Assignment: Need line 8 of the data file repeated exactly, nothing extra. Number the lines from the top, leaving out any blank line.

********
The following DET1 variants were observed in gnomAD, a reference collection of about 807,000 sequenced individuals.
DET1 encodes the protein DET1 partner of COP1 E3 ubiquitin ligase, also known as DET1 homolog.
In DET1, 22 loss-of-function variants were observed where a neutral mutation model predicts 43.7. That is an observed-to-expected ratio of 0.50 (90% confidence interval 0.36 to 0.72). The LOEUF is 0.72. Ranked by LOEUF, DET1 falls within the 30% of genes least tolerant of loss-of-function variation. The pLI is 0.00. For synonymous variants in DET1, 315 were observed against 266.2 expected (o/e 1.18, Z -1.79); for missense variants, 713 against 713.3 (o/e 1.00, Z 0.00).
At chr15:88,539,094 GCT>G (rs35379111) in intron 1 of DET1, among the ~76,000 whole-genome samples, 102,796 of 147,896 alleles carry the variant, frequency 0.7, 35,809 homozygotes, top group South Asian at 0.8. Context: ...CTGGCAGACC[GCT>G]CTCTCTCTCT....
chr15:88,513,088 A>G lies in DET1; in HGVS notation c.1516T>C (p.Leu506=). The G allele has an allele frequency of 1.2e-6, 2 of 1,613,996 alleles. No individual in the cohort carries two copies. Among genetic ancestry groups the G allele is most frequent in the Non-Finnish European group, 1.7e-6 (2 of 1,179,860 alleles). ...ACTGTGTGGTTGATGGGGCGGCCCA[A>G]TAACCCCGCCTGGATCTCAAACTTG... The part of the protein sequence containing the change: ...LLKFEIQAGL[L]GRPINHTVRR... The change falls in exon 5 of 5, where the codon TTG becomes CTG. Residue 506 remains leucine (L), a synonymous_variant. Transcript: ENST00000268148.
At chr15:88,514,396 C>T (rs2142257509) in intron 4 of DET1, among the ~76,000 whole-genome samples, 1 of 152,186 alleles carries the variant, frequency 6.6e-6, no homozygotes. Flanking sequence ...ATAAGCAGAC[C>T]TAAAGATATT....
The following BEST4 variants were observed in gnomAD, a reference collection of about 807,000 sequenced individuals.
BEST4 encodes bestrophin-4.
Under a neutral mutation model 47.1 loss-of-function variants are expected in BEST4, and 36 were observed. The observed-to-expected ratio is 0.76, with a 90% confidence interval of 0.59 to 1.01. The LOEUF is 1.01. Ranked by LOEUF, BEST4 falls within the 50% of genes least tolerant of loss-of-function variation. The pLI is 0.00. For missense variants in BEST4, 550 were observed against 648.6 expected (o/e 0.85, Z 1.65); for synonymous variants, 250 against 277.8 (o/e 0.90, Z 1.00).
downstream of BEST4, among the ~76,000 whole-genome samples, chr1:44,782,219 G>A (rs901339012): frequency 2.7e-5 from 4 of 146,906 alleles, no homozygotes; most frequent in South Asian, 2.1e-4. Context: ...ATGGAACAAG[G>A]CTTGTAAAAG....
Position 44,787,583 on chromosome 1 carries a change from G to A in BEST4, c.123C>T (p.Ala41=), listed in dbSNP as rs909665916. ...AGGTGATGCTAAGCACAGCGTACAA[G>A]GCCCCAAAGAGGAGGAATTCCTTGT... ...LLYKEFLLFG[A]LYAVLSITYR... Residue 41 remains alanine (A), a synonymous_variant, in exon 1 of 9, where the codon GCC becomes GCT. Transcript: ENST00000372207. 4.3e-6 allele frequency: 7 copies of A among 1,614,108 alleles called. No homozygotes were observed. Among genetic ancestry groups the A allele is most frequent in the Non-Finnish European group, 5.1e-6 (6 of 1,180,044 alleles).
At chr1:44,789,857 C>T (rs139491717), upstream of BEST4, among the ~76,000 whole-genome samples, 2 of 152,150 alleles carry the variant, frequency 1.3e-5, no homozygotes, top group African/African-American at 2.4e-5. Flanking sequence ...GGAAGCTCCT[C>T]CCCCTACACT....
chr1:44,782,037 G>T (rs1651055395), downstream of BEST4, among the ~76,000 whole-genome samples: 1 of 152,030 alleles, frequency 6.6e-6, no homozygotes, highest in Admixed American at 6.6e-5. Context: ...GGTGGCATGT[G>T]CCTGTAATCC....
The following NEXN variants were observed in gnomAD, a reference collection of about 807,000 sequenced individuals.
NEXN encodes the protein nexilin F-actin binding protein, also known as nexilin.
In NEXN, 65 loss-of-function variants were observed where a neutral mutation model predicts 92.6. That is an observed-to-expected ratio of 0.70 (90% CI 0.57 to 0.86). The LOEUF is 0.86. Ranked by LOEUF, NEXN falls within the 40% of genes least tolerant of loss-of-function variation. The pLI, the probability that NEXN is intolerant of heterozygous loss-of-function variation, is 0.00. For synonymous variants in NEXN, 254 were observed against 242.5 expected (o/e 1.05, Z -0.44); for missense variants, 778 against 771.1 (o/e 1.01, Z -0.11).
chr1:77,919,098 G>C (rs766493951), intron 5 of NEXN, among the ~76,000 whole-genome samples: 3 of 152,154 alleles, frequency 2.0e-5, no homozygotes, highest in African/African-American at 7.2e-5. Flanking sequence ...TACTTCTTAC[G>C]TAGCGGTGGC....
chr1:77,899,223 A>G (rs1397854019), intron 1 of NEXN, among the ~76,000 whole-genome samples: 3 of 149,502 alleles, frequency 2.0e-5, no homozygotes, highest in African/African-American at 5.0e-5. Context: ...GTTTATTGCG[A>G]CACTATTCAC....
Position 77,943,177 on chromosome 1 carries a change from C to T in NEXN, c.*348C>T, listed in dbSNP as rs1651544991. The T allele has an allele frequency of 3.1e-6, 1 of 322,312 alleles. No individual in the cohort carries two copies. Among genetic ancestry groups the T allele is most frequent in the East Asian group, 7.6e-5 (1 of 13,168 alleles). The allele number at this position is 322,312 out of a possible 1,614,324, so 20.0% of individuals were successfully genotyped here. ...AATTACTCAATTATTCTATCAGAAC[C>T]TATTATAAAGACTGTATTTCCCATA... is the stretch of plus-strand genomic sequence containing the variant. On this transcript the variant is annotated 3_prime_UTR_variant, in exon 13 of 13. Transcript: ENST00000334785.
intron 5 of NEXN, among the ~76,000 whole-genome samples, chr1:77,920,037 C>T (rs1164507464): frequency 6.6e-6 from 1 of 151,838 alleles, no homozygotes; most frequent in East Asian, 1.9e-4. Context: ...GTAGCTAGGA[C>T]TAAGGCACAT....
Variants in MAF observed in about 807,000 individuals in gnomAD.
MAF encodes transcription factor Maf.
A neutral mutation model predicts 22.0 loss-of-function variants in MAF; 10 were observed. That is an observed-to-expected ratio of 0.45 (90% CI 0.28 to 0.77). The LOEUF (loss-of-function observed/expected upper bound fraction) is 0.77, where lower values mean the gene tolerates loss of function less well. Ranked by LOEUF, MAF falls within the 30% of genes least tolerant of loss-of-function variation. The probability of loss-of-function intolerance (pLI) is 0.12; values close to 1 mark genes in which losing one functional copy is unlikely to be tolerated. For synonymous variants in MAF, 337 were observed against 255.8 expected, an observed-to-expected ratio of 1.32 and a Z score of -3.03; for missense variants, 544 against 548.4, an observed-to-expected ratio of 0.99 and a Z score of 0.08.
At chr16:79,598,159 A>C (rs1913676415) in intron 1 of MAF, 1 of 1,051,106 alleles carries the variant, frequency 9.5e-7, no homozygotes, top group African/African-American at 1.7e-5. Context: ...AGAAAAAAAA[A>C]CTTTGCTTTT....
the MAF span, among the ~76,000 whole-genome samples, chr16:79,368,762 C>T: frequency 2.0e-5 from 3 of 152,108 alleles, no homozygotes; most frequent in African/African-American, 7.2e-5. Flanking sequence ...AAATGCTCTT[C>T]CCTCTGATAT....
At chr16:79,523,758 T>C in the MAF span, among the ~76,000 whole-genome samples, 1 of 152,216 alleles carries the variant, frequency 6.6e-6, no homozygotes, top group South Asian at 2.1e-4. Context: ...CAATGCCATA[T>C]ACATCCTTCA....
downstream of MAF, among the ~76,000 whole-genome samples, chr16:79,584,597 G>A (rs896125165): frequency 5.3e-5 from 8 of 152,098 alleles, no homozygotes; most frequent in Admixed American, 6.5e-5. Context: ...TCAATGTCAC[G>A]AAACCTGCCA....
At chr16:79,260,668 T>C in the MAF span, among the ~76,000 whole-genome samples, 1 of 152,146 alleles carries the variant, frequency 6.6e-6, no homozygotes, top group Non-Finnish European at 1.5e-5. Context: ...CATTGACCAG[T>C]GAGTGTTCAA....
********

BEST4 encodes bestrophin-4.